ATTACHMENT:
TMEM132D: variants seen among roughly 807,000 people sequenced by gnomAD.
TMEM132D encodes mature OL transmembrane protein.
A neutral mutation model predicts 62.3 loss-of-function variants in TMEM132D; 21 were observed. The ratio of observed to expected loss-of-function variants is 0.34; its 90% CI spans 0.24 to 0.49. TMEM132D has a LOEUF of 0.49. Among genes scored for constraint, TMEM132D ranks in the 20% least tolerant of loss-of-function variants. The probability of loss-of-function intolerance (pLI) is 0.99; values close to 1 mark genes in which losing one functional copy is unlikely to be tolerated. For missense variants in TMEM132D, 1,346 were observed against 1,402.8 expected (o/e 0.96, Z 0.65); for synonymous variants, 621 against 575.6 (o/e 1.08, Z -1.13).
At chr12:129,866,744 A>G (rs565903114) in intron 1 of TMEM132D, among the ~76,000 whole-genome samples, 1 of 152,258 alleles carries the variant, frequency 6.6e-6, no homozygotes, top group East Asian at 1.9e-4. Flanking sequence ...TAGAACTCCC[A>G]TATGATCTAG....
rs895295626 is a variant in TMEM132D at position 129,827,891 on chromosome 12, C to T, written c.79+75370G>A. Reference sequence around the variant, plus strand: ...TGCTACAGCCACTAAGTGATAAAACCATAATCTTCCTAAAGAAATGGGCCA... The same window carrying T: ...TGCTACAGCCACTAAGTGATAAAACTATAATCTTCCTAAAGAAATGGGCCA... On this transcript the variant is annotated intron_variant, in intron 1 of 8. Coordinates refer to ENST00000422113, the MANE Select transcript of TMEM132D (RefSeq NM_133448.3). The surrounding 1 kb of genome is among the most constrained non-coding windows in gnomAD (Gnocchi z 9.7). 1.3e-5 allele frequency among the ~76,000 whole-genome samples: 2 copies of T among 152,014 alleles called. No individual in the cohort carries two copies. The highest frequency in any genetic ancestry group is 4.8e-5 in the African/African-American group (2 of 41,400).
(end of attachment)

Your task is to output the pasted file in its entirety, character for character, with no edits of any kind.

TMEM132D: variants seen among roughly 807,000 people sequenced by gnomAD.
TMEM132D encodes mature OL transmembrane protein.
A neutral mutation model predicts 62.3 loss-of-function variants in TMEM132D; 21 were observed. The ratio of observed to expected loss-of-function variants is 0.34; its 90% CI spans 0.24 to 0.49. TMEM132D has a LOEUF of 0.49. Among genes scored for constraint, TMEM132D ranks in the 20% least tolerant of loss-of-function variants. The probability of loss-of-function intolerance (pLI) is 0.99; values close to 1 mark genes in which losing one functional copy is unlikely to be tolerated. For missense variants in TMEM132D, 1,346 were observed against 1,402.8 expected (o/e 0.96, Z 0.65); for synonymous variants, 621 against 575.6 (o/e 1.08, Z -1.13).
At chr12:129,866,744 A>G (rs565903114) in intron 1 of TMEM132D, among the ~76,000 whole-genome samples, 1 of 152,258 alleles carries the variant, frequency 6.6e-6, no homozygotes, top group East Asian at 1.9e-4. Flanking sequence ...TAGAACTCCC[A>G]TATGATCTAG....
rs895295626 is a variant in TMEM132D at position 129,827,891 on chromosome 12, C to T, written c.79+75370G>A. Reference sequence around the variant, plus strand: ...TGCTACAGCCACTAAGTGATAAAACCATAATCTTCCTAAAGAAATGGGCCA... The same window carrying T: ...TGCTACAGCCACTAAGTGATAAAACTATAATCTTCCTAAAGAAATGGGCCA... On this transcript the variant is annotated intron_variant, in intron 1 of 8. Coordinates refer to ENST00000422113, the MANE Select transcript of TMEM132D (RefSeq NM_133448.3). The surrounding 1 kb of genome is among the most constrained non-coding windows in gnomAD (Gnocchi z 9.7). 1.3e-5 allele frequency among the ~76,000 whole-genome samples: 2 copies of T among 152,014 alleles called. No individual in the cohort carries two copies. The highest frequency in any genetic ancestry group is 4.8e-5 in the African/African-American group (2 of 41,400).